Monthly Archives: July 2010

Why does the Orthodox Cross have three bars?

The three-barred Cross is the most common shape used in the Orthodox Church – whether as simple simple adornments, crucifixes, or in Icons which show the Cross, the three bars are usually present. Continue reading

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Why are vigil lamps lit before icons?

Here is St. Nikolai of Ohrid’s answer to the question: “Why are vigil lamps lit before icons?” Continue reading

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The Annunciation

This icon marks the crowning of our salvation and the revelation of the mystery before all ages. For the Son of God becomes the son of the Virgin, and Gabriel proclaims to Mary: “Hail, O full of grace, the Lord is with you.” Continue reading

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Amid the bustle, Jesus used a face-cloth which miraculously bore the image of His face. This was given to King Abgar’s courtier and, with the letter, was returned to Edessa with the promise that Christ would send one of His disciples soon. Continue reading

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Our Relationship with Icons

What we see in a Holy Icon is not an accurate description of the Icon, but a painfully accurate reflection of who we are. We do not define Holy Images, they define us. Continue reading

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The Holiness of Icons

And so icons are called “holy”, to distinguish them from other images that portray earthly things, or else those images which portray fantastical, unreal things. Holy Icons, by contrast, depict eternity: something which is neither completely earthly, nor unreal. But in practical terms, what is it that sets an “Icon” apart from a mere “image”? Continue reading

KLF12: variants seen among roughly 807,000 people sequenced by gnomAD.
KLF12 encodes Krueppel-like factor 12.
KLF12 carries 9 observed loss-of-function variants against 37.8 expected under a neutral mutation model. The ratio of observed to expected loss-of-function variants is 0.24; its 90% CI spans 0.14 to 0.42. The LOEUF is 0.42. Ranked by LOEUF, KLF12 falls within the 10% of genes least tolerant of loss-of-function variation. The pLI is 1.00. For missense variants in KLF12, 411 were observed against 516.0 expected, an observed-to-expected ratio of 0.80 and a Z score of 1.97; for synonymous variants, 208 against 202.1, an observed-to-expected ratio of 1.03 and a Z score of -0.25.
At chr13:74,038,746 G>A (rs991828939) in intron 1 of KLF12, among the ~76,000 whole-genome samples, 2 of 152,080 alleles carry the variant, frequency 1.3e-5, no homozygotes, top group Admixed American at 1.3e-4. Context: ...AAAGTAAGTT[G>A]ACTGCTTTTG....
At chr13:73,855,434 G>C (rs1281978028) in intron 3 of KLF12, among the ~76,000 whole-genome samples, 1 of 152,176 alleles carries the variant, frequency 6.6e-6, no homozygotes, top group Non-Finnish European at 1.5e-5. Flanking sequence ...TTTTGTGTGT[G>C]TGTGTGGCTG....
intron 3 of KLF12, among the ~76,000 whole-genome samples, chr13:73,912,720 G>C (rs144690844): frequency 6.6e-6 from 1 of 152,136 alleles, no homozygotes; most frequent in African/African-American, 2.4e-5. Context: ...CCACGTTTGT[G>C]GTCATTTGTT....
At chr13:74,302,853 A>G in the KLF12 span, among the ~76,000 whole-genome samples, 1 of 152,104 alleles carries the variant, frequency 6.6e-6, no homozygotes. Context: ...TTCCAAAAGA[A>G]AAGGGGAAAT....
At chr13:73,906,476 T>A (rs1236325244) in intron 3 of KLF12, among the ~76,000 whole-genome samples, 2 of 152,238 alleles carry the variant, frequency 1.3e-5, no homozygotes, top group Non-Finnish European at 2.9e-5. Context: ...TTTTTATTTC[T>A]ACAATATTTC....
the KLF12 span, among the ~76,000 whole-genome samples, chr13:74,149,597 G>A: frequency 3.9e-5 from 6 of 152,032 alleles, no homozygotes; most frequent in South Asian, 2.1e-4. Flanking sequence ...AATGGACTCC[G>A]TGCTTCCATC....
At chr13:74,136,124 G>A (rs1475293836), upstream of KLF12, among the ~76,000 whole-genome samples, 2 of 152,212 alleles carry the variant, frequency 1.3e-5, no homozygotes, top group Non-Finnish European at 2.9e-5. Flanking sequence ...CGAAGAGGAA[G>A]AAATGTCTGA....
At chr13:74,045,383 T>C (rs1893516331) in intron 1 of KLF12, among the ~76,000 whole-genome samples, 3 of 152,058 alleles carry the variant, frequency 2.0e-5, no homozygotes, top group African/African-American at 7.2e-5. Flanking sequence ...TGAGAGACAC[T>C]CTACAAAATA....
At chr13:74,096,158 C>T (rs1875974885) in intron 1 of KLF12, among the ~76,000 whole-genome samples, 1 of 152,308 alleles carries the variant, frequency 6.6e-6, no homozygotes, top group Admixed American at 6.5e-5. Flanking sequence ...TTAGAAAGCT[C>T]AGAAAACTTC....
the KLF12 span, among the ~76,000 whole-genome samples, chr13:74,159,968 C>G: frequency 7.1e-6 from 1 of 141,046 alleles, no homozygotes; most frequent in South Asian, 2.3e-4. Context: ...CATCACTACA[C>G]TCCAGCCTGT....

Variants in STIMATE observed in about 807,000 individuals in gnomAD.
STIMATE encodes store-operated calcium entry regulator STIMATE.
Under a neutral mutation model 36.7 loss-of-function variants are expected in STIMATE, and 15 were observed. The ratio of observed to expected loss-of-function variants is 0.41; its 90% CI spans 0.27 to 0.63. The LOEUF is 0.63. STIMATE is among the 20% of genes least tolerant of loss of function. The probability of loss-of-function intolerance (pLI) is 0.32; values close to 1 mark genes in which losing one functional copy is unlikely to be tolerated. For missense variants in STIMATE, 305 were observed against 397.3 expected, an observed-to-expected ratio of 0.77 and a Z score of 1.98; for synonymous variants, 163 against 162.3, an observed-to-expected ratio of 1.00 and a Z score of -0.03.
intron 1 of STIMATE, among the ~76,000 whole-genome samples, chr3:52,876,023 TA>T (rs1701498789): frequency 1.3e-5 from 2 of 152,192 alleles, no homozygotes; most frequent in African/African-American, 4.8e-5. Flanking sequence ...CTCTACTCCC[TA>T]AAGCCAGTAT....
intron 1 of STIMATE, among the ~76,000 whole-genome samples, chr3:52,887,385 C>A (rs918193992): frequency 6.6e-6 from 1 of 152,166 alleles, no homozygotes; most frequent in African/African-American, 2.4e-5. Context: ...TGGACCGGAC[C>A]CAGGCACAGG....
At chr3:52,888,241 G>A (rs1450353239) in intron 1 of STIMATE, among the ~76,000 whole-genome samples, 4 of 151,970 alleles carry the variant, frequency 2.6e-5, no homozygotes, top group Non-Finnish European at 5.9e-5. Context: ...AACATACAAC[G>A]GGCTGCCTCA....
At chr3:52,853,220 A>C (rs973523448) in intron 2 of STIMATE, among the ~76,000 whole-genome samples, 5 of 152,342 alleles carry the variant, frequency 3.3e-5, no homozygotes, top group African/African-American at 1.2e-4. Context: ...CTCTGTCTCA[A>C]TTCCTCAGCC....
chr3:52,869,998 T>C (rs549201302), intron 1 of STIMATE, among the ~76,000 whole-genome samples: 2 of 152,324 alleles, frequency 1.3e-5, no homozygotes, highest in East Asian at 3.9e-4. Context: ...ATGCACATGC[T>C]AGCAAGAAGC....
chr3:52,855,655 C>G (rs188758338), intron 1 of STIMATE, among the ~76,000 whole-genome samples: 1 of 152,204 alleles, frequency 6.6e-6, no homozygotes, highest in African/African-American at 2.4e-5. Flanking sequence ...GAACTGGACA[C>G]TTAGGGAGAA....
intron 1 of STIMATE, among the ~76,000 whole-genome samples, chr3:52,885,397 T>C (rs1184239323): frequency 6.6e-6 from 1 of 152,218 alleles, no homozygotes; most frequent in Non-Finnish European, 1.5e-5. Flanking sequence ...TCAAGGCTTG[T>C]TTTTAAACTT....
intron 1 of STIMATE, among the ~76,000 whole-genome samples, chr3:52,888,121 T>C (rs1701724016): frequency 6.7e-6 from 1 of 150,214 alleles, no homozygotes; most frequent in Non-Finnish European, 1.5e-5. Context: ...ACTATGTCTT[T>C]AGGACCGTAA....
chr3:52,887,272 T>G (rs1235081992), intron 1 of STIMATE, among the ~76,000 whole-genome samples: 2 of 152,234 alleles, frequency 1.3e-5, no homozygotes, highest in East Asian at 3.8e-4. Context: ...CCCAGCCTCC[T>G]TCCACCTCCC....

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The Iconographer’s Prayer

“O Divine Lord of all that exists, You have illumined the Apostle and Evangelist Luke with Your Most Holy Spirit, thereby enabling him to represent the most Holy Mother, the one who held You in her arms and said: ‘the Grace of Him Who has been born of me is spread throughout the world.’ Continue reading

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Icons of the Mother of God

The tradition of the Orthodox Church maintains that the first iconographer was the evangelist Luke, and that the first icon he painted under divine inspiration was of the Mother of God holding the Christ-child. Just like the icon of Christ Pantokrator, icons of the Son of God with His Mother are powerful testimonies to the reality of God’s incarnation as a human. Continue reading

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Jesus Christ | The Icon of God

It is only fitting that the first icon explored here is of Jesus Christ – Who is Himself the image of the invisible God. Because God took on human flesh and became visible, we can depict Him; indeed, to portray Christ is to strongly affirm that God did really become a man, and that Jesus Christ is not mere allegory or myth. Continue reading

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